How Terminations, Layoffs and Furloughs Differ

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Terminations, layoffs, and furloughs – these three words generally communicate bad news to workers, but the consequences they cause vary in specifics.

Hear from an employment attorney, an HR consultant, and a benefits expert on what exactly the three terms mean and what consequences they carry for employers and employees alike.

Terminations: The simplest scenario

When an employer terminates an employee, it severs the employment relationship. The same can be said when an employer “fires” or “discharges” someone.

When Congress passed the Family First Coronavirus Recovery Act (FFCRA), it sparked a lot of questions as to who would qualify for the paid sick leave and emergency Family and Medical Leave Act leave the law provided, Bailey said. Employers that planned to close, even temporarily, wanted to know if they would be required to provide the paid leave mandated by the statute, which took effect April 2.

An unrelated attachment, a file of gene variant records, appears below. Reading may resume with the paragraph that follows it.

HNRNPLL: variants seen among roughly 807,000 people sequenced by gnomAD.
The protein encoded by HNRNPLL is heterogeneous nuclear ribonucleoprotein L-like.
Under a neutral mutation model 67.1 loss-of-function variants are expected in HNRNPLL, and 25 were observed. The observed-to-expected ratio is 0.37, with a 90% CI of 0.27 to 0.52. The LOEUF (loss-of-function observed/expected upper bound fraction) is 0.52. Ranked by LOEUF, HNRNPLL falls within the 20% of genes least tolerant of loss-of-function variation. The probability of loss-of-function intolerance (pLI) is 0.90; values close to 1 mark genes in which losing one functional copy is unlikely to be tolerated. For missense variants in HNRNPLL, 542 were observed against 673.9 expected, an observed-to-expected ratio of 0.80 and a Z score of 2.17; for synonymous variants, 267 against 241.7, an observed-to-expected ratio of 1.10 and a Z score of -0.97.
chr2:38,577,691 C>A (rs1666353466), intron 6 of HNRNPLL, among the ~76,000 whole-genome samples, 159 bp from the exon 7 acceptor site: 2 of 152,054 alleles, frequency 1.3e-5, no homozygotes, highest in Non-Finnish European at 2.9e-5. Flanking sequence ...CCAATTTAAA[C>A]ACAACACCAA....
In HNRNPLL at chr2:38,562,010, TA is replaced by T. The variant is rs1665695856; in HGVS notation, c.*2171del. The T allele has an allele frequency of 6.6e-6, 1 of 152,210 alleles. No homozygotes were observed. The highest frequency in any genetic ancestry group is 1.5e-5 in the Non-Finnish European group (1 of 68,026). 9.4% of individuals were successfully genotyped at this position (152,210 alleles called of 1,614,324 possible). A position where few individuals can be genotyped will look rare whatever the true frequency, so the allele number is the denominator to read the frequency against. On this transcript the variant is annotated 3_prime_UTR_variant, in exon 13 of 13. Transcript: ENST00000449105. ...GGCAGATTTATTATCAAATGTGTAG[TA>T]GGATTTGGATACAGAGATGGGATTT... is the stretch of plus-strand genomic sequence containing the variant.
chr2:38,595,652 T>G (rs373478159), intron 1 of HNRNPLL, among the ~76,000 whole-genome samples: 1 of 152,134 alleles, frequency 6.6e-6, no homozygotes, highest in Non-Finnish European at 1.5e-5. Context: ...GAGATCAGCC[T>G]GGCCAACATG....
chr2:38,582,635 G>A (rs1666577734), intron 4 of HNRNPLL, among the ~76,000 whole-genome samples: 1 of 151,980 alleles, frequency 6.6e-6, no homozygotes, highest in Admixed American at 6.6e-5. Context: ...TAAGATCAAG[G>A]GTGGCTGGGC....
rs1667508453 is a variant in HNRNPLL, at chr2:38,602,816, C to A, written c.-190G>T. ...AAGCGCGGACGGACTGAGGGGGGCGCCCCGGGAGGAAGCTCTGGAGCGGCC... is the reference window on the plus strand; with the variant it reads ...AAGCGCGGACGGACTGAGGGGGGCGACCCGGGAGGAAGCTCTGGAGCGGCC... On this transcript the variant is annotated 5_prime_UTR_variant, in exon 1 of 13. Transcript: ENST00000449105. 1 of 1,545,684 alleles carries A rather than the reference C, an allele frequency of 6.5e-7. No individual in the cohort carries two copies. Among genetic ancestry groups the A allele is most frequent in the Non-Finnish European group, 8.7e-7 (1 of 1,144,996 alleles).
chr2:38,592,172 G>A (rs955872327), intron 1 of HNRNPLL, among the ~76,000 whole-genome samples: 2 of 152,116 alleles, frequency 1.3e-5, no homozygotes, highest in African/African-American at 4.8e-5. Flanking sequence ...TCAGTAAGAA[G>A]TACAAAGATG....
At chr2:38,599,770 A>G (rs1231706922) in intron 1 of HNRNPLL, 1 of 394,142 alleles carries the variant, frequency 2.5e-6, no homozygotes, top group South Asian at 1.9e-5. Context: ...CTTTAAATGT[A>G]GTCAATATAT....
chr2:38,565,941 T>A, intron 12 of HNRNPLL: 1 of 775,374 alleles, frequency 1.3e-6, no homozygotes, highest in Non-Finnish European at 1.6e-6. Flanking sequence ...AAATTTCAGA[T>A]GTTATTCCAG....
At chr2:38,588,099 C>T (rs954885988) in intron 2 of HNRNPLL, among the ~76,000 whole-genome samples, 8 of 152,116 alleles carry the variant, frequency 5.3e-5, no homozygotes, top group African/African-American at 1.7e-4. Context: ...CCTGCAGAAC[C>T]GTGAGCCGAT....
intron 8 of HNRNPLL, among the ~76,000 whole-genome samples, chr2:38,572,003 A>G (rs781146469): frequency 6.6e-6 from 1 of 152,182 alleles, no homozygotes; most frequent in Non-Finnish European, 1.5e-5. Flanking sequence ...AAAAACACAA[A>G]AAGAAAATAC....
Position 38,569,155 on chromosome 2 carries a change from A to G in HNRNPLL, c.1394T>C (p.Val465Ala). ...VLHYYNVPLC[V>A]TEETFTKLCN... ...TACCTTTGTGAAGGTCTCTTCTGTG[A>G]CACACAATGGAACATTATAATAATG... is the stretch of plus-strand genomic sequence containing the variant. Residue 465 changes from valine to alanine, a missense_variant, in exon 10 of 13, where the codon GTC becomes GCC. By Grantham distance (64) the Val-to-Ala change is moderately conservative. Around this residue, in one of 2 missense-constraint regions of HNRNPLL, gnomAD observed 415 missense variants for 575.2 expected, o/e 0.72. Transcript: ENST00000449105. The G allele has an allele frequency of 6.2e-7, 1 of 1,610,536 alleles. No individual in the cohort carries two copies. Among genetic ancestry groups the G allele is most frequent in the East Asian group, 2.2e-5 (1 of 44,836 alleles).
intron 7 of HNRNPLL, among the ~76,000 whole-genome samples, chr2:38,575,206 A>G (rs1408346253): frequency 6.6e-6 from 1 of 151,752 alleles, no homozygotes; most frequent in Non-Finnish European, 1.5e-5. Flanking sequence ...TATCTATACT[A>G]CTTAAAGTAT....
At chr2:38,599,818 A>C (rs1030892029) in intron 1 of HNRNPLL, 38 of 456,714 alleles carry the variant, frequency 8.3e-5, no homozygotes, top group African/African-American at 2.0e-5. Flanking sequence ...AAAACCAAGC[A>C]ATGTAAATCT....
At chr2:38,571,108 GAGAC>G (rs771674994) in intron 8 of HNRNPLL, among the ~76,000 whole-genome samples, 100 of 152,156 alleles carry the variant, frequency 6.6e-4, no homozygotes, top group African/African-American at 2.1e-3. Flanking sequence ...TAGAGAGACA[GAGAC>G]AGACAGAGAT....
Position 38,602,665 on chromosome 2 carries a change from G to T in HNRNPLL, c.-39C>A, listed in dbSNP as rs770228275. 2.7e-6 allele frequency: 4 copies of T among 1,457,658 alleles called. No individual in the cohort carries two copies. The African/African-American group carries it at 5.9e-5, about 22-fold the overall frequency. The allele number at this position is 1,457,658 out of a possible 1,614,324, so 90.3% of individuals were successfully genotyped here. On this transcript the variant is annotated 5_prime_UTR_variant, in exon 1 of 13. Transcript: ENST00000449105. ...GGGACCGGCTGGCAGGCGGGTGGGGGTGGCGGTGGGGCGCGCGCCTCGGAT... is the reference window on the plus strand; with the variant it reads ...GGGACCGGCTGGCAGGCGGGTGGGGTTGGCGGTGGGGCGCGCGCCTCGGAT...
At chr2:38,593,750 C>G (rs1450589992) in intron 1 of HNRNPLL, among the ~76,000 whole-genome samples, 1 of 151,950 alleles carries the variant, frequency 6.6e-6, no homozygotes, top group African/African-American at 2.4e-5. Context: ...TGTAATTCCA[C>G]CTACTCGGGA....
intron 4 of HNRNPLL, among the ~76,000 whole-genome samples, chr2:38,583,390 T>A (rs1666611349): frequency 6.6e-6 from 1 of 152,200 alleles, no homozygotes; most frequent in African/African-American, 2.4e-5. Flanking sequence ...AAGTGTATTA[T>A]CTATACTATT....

“Initially, there was a push for employers to terminate. Once the U.S. Department of Labor (DOL) published its guidance, employers learned that employees of a small business that closed due to a lack of work or a quarantine or isolation order would not be eligible for leave.​

Where the consequences of layoffs and furloughs align…

Many employers changed their terminology to communicate to workers that “when all of this is over, we’re going to want you back.”

The terms layoff and furlough signal that change. With layoffs and furloughs, there’s some anticipation or expectation that at some point in time, the employment relationship will resume.

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CPI Twin Cities

CPI Twin Cities

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